How we got started with The American Legion

One fine day many years ago in Sun Prairie, Wis., I was waiting at the depot where the downtown park used to be. It was quiet all around me. But not for long, however. Here came Legionnaires with the colors and color guards and a caisson with a flag-draped coffin on it. It came up the street, made a left turn on Main Street, went to Church Street and went up to Tuschen’s Funeral Home, across the street from the Catholic church up there. I was so overwhelmed by that sight, and I wasn’t alone. People around me regarded this with reverence because here was a deceased soldier from Sun Prairie who lost his life overseas and was shipped home in a flag-draped coffin. I thought to myself, “If I have to go into the military, I want to be a Legionnaire someday so I can participate in things like this.”

And so, one day after I got out years later, I went to Reininger’s Barbershop. Jim Reiniger was my barber, and his father, Frank, was a World War I veteran. His father was one of the charter members of Elmer C. Petersen American Legion Post 333 in Sun Prairie. Jim had just finished my crew cut – we all had crew cuts in those days.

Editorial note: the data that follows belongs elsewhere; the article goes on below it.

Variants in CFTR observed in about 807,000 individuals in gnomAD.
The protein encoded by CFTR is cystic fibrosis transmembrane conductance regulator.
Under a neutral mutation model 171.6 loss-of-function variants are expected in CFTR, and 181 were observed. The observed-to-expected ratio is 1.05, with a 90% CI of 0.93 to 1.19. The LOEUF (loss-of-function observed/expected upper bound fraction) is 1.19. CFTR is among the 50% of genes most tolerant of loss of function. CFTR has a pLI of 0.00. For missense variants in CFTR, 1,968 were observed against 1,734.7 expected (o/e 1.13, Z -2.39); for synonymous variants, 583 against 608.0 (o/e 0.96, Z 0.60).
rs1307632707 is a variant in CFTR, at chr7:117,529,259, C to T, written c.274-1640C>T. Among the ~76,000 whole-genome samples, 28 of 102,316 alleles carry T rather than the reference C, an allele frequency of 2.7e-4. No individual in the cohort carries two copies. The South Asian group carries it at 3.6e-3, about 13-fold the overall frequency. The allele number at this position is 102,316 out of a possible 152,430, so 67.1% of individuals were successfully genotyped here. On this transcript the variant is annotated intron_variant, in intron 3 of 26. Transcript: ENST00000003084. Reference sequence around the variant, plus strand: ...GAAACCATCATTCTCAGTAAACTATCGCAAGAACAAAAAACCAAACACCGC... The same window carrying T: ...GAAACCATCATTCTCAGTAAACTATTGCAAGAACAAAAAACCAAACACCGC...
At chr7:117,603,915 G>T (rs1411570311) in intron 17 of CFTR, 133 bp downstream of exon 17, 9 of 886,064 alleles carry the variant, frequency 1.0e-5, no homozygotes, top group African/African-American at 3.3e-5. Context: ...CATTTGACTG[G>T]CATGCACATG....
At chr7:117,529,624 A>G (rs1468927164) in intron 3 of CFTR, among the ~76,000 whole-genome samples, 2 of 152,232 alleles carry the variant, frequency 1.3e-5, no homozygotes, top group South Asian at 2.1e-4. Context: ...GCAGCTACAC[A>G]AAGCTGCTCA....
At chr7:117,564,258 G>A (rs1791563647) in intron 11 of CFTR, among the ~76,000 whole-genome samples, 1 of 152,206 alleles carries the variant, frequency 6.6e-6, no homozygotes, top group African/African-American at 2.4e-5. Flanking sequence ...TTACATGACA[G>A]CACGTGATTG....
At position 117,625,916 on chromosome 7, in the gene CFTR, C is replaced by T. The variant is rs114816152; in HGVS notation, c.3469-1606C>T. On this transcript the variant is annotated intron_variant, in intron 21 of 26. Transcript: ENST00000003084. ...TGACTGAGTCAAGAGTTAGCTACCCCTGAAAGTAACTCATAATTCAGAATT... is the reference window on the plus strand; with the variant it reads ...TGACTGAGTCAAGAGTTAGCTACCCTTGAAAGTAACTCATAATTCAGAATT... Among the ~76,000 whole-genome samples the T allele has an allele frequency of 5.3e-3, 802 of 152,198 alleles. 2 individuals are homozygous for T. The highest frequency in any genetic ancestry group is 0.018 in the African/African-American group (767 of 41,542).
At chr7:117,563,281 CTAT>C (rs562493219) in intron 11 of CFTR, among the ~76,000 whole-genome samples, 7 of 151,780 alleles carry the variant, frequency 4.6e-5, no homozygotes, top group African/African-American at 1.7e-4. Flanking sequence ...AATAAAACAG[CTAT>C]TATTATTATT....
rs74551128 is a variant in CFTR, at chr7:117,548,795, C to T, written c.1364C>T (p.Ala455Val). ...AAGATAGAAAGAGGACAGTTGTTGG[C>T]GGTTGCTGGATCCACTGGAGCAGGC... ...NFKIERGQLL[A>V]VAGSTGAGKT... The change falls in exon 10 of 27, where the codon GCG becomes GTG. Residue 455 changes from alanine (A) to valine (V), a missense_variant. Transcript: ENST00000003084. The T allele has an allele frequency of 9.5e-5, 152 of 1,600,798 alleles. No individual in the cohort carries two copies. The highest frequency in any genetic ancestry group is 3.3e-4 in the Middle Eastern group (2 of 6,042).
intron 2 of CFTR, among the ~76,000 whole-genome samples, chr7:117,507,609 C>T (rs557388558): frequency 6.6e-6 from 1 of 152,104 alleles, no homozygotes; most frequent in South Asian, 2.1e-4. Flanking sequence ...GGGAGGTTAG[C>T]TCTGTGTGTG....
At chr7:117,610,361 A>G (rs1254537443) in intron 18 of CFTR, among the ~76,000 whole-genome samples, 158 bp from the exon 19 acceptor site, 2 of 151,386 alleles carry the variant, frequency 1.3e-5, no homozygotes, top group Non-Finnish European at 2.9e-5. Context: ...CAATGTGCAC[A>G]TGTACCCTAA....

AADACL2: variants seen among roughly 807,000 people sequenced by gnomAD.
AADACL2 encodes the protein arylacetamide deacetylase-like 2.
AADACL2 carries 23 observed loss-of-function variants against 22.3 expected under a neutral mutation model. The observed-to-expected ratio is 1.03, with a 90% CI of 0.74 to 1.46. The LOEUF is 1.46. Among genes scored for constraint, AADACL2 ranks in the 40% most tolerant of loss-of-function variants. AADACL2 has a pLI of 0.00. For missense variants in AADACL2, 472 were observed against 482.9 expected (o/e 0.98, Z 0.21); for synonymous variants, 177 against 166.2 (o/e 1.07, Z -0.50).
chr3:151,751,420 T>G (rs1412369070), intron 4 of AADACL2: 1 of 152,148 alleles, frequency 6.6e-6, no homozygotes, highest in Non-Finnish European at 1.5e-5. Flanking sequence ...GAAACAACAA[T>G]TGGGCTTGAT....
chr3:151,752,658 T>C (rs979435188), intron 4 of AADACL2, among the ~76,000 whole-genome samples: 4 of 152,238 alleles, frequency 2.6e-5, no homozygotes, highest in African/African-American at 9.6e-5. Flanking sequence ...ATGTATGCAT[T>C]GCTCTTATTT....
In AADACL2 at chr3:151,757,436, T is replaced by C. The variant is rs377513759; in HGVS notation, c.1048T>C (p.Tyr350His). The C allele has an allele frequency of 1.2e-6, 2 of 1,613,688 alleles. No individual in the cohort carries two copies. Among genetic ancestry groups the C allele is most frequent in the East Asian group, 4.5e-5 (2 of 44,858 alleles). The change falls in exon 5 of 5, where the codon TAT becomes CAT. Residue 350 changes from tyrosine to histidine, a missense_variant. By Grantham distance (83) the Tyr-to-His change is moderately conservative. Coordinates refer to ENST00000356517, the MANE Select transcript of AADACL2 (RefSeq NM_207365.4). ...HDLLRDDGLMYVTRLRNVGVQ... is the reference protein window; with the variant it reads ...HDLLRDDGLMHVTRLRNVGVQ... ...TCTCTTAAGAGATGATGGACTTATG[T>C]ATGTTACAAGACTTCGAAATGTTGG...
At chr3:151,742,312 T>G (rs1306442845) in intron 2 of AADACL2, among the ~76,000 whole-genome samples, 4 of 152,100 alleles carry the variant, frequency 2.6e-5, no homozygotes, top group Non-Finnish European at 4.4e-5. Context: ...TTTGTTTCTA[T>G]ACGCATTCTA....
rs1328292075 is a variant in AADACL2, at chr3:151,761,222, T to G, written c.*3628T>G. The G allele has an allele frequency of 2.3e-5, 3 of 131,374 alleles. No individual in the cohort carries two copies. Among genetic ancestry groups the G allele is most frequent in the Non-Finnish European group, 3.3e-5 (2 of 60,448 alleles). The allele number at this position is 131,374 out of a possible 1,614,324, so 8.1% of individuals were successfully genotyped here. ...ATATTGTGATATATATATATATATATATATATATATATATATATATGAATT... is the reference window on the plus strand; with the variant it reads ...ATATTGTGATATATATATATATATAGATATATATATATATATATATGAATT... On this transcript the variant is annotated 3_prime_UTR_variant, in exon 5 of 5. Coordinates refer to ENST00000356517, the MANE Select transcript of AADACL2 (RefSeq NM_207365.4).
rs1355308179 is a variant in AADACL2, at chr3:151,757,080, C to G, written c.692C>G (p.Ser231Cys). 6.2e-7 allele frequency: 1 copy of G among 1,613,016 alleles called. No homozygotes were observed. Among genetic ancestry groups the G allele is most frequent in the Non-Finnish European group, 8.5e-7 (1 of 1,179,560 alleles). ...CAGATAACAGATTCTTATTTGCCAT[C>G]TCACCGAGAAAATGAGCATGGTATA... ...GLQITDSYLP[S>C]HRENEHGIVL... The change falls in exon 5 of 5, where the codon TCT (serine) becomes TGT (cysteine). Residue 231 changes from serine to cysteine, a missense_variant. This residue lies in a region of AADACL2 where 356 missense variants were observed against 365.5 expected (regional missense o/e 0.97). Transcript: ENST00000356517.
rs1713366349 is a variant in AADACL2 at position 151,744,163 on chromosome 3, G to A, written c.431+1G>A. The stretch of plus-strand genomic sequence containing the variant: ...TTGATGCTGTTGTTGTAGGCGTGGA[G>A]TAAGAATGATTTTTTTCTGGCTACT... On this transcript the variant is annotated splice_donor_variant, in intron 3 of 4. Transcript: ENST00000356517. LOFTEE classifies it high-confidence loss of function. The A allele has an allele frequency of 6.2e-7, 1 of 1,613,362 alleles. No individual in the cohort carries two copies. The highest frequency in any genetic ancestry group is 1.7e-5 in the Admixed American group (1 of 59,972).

He was shaving with a straight razor around this ear here, and he said, “Bud, you're a veteran, aren't you?” I said, “Yeah.” He continued, “You said you got a good conduct discharge?” I said “Yes.” Then he drew in closer and said, “I need one more member to be 100%.” He's shaving back there, and I didn't think that was a time to say “No!” So I became the member he needed to get to 100%!

I went to the first meeting and became the sergeant-at-arms. My next year I was adjutant, and the third year I was a commander.

A lady came up to me and said, “I’m an Auxiliary member. It's customary that when the commander gets elected that he enrolls his wife in the Auxiliary. After I returned home that evening, I told my wife about that, and waited. She said, “Oh, my mom belongs to the Auxiliary in Cross Plains because her father was a past commander there." She went to their next Auxiliary meeting. The current president was not doing well, what we might call “onset of Alzheimer's.” She convened the meeting and then walked around the hall, straightening pictures, heading back to the kitchen. I was told, “We have to replace her.” Guess what my wife said when she came home?

She said, “I went to my first Auxiliary meeting and now I’m the president!”

So that's how we got started in The American Legion!

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